The facial feedback hypothesis
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Facial Feedback Hypothesis. Recently, strong experimental support for a facial feedback mechanism is provided through the use of botulinum toxin commonly known as Botox to temporarily paralyze facial muscles. Pages with citations lacking titles Pages with citations having bare URLs. Several studies have examined the correlation of botox injections and emotion   and these suggest that the toxin could be used as a treatment for depression. Retrieved 9 November Based on the facial feedback hypothesis, this net change in facial expression may potentially have the secondary effect of reducing the internal experience of negative emotions, thus making patients feel less angry, sad, and fearful.
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Revisiting The Facial Feedback Hypothesis
In The Principles of Psychology , James wrote. On the other hand, the repression, as far as this is possible, of all outward signs softens our emotions Perspectives on Psychological Science. Namespaces Article Talk. The Facial Feedback Hypothesis". This page was last edited on 15 February , at It also demonstrates that cosmetic use of botox affects aspects of human cognition - namely, the understanding of language.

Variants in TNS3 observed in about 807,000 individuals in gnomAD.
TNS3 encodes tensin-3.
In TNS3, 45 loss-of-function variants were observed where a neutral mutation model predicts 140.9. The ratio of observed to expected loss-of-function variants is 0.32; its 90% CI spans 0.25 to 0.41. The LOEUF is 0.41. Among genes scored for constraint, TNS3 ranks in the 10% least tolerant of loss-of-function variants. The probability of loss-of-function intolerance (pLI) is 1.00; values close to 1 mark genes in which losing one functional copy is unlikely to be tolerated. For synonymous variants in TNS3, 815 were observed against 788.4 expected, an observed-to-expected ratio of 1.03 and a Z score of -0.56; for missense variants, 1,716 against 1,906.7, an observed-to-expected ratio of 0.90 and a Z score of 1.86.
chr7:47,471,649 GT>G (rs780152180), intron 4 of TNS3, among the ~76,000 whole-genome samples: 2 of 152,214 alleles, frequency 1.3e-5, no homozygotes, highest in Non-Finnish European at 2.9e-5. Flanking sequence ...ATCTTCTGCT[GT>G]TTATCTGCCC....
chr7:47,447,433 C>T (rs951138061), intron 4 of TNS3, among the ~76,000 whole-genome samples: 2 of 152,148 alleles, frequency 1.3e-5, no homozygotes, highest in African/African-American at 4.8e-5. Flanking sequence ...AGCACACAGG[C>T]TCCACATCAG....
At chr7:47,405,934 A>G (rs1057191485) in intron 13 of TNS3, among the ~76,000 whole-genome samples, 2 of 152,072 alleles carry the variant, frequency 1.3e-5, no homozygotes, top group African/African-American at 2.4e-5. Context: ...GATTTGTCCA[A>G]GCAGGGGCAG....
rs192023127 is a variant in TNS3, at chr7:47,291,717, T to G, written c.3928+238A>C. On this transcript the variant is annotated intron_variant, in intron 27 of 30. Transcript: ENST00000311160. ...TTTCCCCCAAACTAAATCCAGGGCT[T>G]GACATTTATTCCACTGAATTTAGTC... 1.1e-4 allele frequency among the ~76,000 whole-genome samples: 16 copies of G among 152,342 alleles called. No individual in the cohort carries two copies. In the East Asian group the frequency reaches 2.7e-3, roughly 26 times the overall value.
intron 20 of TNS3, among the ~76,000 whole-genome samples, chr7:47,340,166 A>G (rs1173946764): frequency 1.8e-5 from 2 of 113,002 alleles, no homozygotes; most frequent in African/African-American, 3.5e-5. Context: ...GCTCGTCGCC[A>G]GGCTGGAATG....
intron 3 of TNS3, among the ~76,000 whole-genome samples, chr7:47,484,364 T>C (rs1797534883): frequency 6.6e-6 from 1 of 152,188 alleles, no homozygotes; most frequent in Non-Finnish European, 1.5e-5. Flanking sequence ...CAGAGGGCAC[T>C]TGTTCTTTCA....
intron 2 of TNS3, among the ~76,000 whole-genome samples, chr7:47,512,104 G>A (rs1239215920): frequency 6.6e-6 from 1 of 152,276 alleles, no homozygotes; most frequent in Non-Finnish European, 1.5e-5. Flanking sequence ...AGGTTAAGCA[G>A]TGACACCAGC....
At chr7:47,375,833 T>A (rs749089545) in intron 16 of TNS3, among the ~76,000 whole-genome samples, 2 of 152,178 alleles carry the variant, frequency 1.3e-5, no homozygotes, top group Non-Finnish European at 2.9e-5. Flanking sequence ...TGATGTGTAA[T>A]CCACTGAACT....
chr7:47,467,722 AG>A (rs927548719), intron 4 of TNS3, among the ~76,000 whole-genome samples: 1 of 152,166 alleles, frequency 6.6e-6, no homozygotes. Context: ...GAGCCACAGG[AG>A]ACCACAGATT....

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What is the facial
The control group would hold the pen in their nondominant hand. Reading times for angry and sad sentences were longer after botox injection than before injection, while reading times for happy sentences were unchanged. The facial feedback hypothesis suggests that muscular manipulations which result in more positive facial expressions may lead to more positive emotional states in affected individuals. Retrieved 9 November The use of botulinum toxin to pharmacologically alter upper face muscular expressiveness may curtail the appearance of negative emotions, most notably anger, but also fear and sadness. However, the higher funniness ratings of the cartoons obtained by those participants "tricked" into smiling may have been caused by their recognizing the muscular contraction and its corresponding emotion.
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